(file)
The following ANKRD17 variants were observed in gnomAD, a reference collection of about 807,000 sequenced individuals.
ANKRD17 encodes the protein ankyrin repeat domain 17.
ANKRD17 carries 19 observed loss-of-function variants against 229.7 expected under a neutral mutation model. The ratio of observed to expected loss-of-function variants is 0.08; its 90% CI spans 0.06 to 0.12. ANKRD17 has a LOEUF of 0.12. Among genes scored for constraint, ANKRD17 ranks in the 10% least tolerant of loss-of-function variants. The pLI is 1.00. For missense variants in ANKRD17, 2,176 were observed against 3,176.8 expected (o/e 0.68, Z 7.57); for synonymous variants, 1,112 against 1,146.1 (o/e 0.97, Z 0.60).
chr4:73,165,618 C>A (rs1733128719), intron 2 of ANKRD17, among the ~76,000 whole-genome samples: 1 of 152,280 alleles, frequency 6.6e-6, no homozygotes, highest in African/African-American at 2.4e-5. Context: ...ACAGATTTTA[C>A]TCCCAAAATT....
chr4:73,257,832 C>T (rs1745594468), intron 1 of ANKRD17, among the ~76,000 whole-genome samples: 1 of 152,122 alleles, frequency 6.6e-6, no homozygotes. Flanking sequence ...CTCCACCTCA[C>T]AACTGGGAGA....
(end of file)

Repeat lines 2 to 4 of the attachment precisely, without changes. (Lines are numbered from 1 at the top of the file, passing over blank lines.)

ANKRD17 encodes the protein ankyrin repeat domain 17.
ANKRD17 carries 19 observed loss-of-function variants against 229.7 expected under a neutral mutation model. The ratio of observed to expected loss-of-function variants is 0.08; its 90% CI spans 0.06 to 0.12. ANKRD17 has a LOEUF of 0.12. Among genes scored for constraint, ANKRD17 ranks in the 10% least tolerant of loss-of-function variants. The pLI is 1.00. For missense variants in ANKRD17, 2,176 were observed against 3,176.8 expected (o/e 0.68, Z 7.57); for synonymous variants, 1,112 against 1,146.1 (o/e 0.97, Z 0.60).
chr4:73,165,618 C>A (rs1733128719), intron 2 of ANKRD17, among the ~76,000 whole-genome samples: 1 of 152,280 alleles, frequency 6.6e-6, no homozygotes, highest in African/African-American at 2.4e-5. Context: ...ACAGATTTTA[C>A]TCCCAAAATT....